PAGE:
X.509 is the ISO/ITU standard for public key certificates. The whole point of X.509 was to handle the authentication needs of the X.500 directory scheme, but now it's in fairly common use on "real networks" like the Internet. In addition to certificates, X.509 defines the format and usage of CRLs and various other authentication techniques (mostly fairly simplistic password based schemes).
X.509 is defined using ASN.1, which is very typical of the X.500 system. Unfortunately, the designers decided to include so many strange and obscure things in the certificate format that it's probably nearly impossible to fully support everything that you could (theoretically) include in a certificate. For example, someone created an entirely correctly formed certificate that included an MPEG of his cat.†
Some basic terminology: issuer is the CA (or whoever) who issues the certificate. The subject is the "owner" of the certificate.
The basic certificate is denoted as version 1. This certificate includes various things, including: information about the issuer and subject (name, geographic location, company), the starting and expiration dates of the certificate, the public key of the subject, and a few other things. All of this information is signed by the CA, and the certification information and the signature are bundled together into a structure, ready to be sent off somewhere.
Version 2 certificates were defined a few years after X.509 first came out. People working with PEM found that the v1 certificate format had some problems, especially when lots of people were using them over non-centralized networks like the Internet. So a couple of new (optional) fields where added: unique identifiers for both issuer and subject. The idea was that if a CA had multiple public keys, each one would have a unique field. The value of this field would also be included into each certificate that CA issued, so someone looking at an issued certificate could simply match up the two fields to figure out which key issued the certificate. X.509v2 certificates are not widely used (in fact, I've never seen a single one).
Several years later, the v3 certificate format was defined. This version added a place to put essentially arbitrary extensions to the certificate. Among other things, extensions were defined which replaced the v2 unique id fields, along with ones to hold Internet related information like email addresses, URIs, and DNS names. X.509v3 certificates are widely supported in libraries and applications, though many of the more obscure extensions are simply ignored. The X.509v2 CRL format was also defined at this time (yes, the v2 CRL was defined in the v3 spec, not the v2 spec).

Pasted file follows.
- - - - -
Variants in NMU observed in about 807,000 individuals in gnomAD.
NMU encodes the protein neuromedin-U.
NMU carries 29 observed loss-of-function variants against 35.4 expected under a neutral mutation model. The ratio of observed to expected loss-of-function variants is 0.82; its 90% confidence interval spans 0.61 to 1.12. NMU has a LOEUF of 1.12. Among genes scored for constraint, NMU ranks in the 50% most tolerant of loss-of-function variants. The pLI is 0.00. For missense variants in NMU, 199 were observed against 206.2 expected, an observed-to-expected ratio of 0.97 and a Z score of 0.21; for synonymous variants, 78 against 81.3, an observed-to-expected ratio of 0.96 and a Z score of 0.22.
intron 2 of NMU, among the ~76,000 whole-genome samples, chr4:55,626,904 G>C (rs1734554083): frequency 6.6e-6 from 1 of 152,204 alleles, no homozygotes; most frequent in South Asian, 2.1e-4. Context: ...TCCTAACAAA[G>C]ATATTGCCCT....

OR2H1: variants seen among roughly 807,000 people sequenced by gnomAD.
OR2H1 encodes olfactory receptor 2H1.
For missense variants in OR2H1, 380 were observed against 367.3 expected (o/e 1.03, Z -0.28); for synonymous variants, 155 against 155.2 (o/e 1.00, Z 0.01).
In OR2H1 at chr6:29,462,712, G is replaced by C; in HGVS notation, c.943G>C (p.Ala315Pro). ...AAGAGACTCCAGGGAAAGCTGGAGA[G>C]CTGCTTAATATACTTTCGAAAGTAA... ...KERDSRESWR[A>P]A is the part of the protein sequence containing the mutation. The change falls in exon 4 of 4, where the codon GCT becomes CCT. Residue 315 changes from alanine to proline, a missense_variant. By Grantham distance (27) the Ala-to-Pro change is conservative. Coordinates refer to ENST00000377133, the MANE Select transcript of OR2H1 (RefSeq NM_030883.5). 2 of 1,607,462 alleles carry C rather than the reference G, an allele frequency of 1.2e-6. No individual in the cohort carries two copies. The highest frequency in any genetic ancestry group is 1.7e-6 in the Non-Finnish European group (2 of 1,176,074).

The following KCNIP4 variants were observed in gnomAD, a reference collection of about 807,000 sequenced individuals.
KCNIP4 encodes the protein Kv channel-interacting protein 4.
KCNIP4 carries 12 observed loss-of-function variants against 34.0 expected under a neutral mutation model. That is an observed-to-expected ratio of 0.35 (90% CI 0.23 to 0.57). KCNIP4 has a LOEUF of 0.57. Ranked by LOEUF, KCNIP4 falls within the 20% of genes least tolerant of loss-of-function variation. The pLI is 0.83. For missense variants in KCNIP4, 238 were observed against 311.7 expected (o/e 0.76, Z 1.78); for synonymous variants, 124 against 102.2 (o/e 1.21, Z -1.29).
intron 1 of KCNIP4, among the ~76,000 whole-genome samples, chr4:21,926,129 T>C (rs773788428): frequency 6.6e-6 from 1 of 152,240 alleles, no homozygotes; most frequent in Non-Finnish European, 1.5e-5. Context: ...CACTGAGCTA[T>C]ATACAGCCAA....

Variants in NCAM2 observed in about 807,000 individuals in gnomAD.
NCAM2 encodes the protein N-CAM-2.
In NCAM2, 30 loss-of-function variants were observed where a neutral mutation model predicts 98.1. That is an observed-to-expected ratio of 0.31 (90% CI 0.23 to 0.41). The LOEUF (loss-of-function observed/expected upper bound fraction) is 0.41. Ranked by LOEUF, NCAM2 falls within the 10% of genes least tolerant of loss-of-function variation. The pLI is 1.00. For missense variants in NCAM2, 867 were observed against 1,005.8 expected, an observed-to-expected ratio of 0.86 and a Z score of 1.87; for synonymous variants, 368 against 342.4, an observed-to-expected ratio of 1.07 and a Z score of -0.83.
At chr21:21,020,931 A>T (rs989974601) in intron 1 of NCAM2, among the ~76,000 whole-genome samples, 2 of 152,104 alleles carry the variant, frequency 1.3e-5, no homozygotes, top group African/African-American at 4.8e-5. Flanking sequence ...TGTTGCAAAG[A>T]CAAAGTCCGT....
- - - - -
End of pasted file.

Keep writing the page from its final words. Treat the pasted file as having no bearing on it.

In 2001, X.509v4 was published. This new version didn't change the certificate format at all; as far as I can tell, the main changes were the addition of some very vague language discussing password authentication. The description is so nebulous that it's hard to even see the point to it, though.
The X.509 standards are overly general to the point where it doesn't even define what kind of algorithms you can include in a certificate, or how to format them. So what happens is that people end up creating various profiles of X.509, restricting the options to something that might conceivably be possible to actually support fully. Probably the most common is PKIX, the profile for Internet use, which is defined in RFC 2459. PKIX lets you include RSA, DSA, or Diffie-Hellman keys in a certificate, and defines the formatting for such. There are also profiles for DoD use and various national profiles (the most commonly supported national profiles are the ones from Germany, Sweden, and Finland).
While it's a big bloated freak of a standard, X.509 is what everyone uses. Most IETF standards (TLS, S/MIME, etc), all of PKCS, anything based on X.500 (LDAP, Active Directory), and most everyone else uses exclusively X.509 certificates. OpenPGP certificates provide an interesting and perhaps more usable alternative, but at this time aren't too widely supported in applications (there are some plans for the SSH protocol to support both OpenPGP and X.509 certificates, I hear).
†: See Peter Guttman's X.509 guide at
for information about these, along with some rather funny X.509 commentary.